Besides working at their family-owned insurance agency, Turner-Hicks Insurance, Scott and Kevin Turner, along with Kevin’s wife, Kat, started Visual Synergy Website Development, which has produced websites for national companies such as Plochman’s Mustard and Boca Burger, along with local companies such as Maloof Realty, Hunter’s View, Hawk Insurance and others.

So far, with the help of the people at Western Yeast Company and Turner-Hicks, Turner has been able to keep FlexiSnake Distributing a family-owned company without involving a major corporation. Turner has also had help from Dr. Phil Horvath, a professor at Bradley University who consults with businesses and has helped Turner become aware of resources available through the government and at Bradley University. “I was able to sit down with a panel of folks from the U.S. Commercial Service, the Illinois Small Business Development Center and The Turner Center for Entrepreneurship to receive counseling on entrepreneurial endeavors and international trade issues,” Turner said. “Other than that, my help has come from my family and family businesses. I have not received any government loans or grants.”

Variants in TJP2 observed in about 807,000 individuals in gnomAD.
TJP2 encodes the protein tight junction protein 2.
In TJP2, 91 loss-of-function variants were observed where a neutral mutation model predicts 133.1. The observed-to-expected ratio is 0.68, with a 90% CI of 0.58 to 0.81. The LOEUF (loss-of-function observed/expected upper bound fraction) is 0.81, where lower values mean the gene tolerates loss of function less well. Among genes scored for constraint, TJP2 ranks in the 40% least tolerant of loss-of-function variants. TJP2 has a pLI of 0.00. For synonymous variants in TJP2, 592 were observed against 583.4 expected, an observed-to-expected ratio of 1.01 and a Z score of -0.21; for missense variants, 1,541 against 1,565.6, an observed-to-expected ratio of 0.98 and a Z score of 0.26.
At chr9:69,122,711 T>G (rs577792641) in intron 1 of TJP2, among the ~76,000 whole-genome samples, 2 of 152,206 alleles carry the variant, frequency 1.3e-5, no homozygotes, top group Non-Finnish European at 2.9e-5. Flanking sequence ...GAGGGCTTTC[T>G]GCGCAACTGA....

While there are the disadvantages of limited finances, he enjoys the freedom and control of owning his own business. “I have a characteristic inventor trait called self-control,” Turner said. “I want to control things myself. As such, I have not sought out financial partners or venture capital money, in order to keep control. The downside is, of course, that you are under-funded and inadequate to perform all of these tasks well. All that you have is your wits and what creativity and inspiration God has given you to try to get some of that huge market share away from the big guys. It’s a real David and Goliath syndrome. But remember that David did prevail over Goliath, so you have to have faith.”

To obtain more information about the Flexisnake, visit www.flexisnake.com. FlexiSnakes are also available at Geiger’s True Value in Chillicothe, the only local retail store carrying the product. IBI